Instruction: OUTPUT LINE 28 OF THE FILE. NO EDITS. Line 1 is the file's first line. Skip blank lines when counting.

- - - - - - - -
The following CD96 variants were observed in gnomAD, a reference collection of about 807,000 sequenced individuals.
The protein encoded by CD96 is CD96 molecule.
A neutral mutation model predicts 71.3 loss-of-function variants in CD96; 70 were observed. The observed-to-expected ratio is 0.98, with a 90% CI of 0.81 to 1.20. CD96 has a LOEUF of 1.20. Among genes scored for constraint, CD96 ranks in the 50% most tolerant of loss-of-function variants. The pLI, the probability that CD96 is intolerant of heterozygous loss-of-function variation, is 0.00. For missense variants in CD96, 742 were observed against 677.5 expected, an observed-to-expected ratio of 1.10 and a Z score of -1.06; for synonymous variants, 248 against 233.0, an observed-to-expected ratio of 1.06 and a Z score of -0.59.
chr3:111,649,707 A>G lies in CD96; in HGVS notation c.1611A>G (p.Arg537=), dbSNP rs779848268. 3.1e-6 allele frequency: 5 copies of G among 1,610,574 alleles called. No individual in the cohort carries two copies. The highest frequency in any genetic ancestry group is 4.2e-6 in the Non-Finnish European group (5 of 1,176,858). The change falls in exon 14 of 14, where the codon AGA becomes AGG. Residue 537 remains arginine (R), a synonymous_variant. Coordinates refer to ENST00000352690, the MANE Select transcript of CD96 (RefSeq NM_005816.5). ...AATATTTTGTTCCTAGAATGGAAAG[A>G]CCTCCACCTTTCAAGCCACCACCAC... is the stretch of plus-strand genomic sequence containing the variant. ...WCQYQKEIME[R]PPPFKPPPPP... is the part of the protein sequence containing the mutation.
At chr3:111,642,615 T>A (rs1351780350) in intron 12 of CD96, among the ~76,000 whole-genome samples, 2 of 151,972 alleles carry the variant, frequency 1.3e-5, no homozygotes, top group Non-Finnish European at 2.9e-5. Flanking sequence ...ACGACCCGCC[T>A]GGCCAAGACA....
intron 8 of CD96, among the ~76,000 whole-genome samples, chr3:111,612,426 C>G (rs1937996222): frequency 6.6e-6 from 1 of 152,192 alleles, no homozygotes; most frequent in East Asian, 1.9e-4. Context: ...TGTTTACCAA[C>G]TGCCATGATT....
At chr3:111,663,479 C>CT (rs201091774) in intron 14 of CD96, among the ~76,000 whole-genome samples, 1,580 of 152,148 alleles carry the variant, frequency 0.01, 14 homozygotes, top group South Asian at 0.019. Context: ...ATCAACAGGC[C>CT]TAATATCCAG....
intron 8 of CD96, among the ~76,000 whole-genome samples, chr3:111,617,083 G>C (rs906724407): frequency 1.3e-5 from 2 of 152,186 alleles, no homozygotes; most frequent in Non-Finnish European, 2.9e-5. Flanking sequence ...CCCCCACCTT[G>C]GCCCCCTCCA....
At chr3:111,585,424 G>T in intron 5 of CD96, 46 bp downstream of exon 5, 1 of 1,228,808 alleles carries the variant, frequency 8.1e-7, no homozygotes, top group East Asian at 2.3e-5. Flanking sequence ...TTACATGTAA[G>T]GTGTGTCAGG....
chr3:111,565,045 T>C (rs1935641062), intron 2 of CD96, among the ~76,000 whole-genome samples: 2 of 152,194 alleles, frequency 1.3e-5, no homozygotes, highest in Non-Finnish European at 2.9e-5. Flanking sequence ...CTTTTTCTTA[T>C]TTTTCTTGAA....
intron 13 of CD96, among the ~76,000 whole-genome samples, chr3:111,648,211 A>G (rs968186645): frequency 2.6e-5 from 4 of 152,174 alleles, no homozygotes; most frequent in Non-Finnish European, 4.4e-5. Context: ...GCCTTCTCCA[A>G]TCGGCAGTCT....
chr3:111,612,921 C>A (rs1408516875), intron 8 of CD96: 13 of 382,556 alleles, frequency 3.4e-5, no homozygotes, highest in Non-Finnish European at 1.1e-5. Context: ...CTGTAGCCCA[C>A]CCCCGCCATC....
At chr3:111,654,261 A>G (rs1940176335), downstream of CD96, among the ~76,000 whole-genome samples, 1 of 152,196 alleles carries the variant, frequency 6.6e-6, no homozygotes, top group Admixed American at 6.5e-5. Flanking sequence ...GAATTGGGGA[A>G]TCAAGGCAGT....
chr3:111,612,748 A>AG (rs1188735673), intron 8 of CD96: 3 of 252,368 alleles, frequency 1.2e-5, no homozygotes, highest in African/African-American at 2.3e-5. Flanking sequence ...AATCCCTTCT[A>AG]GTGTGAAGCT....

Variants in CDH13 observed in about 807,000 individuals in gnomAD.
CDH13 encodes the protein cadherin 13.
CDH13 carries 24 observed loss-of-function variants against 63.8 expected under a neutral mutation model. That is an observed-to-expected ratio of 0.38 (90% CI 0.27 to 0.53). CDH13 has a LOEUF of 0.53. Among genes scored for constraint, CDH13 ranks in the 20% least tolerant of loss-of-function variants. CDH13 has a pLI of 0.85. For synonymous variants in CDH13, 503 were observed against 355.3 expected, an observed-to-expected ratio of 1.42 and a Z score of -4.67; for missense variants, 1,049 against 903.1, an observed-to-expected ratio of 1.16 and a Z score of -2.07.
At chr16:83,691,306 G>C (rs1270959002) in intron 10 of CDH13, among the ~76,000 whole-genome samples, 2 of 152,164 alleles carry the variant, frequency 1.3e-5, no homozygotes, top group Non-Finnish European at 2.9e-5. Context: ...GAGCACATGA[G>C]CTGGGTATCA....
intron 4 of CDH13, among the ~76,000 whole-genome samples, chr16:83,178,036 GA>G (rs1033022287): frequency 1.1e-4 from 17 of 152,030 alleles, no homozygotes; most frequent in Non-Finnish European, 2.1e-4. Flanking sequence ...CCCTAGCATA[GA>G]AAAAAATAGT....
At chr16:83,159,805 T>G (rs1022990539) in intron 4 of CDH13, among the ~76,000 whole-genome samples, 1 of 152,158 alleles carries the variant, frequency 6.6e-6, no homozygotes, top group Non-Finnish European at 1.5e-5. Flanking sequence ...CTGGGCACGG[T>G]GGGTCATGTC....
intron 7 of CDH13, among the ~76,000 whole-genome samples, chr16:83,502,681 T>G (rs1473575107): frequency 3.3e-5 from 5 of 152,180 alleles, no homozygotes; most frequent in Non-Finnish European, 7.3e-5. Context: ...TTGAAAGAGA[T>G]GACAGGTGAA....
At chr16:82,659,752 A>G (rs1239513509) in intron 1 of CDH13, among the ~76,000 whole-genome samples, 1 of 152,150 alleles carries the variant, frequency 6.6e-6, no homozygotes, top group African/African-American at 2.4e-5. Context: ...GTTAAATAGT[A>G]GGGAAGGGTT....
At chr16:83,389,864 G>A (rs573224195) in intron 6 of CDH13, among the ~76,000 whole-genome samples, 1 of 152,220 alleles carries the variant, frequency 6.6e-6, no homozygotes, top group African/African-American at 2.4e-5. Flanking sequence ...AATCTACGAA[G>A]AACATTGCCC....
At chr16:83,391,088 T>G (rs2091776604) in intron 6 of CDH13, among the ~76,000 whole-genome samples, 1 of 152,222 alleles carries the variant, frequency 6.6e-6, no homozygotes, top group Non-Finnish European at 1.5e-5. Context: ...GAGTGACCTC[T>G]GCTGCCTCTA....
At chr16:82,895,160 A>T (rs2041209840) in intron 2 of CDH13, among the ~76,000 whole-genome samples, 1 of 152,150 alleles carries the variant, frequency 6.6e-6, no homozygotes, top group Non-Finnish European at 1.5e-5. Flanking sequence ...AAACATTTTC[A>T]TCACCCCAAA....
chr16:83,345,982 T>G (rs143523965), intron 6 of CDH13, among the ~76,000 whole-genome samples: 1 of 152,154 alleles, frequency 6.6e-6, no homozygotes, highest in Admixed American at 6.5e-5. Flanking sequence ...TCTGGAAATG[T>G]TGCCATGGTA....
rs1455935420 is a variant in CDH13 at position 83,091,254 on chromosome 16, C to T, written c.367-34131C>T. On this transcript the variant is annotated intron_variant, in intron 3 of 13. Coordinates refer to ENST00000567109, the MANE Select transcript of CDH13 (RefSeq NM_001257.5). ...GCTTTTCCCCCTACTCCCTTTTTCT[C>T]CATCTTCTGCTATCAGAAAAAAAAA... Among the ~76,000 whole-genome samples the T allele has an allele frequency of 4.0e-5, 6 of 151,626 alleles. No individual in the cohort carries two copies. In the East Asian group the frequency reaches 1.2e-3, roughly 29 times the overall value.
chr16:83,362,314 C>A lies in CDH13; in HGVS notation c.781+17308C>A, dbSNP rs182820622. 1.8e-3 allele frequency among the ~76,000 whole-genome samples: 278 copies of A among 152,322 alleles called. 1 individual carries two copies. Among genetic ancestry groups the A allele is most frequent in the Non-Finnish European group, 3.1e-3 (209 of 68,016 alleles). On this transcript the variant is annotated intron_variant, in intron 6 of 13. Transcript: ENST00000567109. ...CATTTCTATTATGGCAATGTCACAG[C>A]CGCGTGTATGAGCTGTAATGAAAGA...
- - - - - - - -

chr16:83,362,314 C>A lies in CDH13; in HGVS notation c.781+17308C>A, dbSNP rs182820622. 1.8e-3 allele frequency among the ~76,000 whole-genome samples: 278 copies of A among 152,322 alleles called. 1 individual carries two copies. Among genetic ancestry groups the A allele is most frequent in the Non-Finnish European group, 3.1e-3 (209 of 68,016 alleles). On this transcript the variant is annotated intron_variant, in intron 6 of 13. Transcript: ENST00000567109. ...CATTTCTATTATGGCAATGTCACAG[C>A]CGCGTGTATGAGCTGTAATGAAAGA...